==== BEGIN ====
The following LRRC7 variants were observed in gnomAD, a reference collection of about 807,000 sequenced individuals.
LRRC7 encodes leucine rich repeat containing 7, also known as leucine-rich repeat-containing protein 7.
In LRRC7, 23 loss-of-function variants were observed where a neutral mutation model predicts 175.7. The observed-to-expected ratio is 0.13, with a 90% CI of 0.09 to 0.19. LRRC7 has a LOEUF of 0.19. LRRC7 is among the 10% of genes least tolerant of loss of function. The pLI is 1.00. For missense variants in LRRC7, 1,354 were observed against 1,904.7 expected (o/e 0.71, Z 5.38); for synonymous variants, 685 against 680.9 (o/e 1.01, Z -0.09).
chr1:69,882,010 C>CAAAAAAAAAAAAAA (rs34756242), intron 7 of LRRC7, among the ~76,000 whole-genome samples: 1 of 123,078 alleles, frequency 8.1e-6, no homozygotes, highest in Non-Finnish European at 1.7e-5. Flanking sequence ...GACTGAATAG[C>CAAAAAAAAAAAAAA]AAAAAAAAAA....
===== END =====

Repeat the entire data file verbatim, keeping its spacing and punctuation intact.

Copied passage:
The following LRRC7 variants were observed in gnomAD, a reference collection of about 807,000 sequenced individuals.
LRRC7 encodes leucine rich repeat containing 7, also known as leucine-rich repeat-containing protein 7.
In LRRC7, 23 loss-of-function variants were observed where a neutral mutation model predicts 175.7. The observed-to-expected ratio is 0.13, with a 90% CI of 0.09 to 0.19. LRRC7 has a LOEUF of 0.19. LRRC7 is among the 10% of genes least tolerant of loss of function. The pLI is 1.00. For missense variants in LRRC7, 1,354 were observed against 1,904.7 expected (o/e 0.71, Z 5.38); for synonymous variants, 685 against 680.9 (o/e 1.01, Z -0.09).
chr1:69,882,010 C>CAAAAAAAAAAAAAA (rs34756242), intron 7 of LRRC7, among the ~76,000 whole-genome samples: 1 of 123,078 alleles, frequency 8.1e-6, no homozygotes, highest in Non-Finnish European at 1.7e-5. Flanking sequence ...GACTGAATAG[C>CAAAAAAAAAAAAAA]AAAAAAAAAA....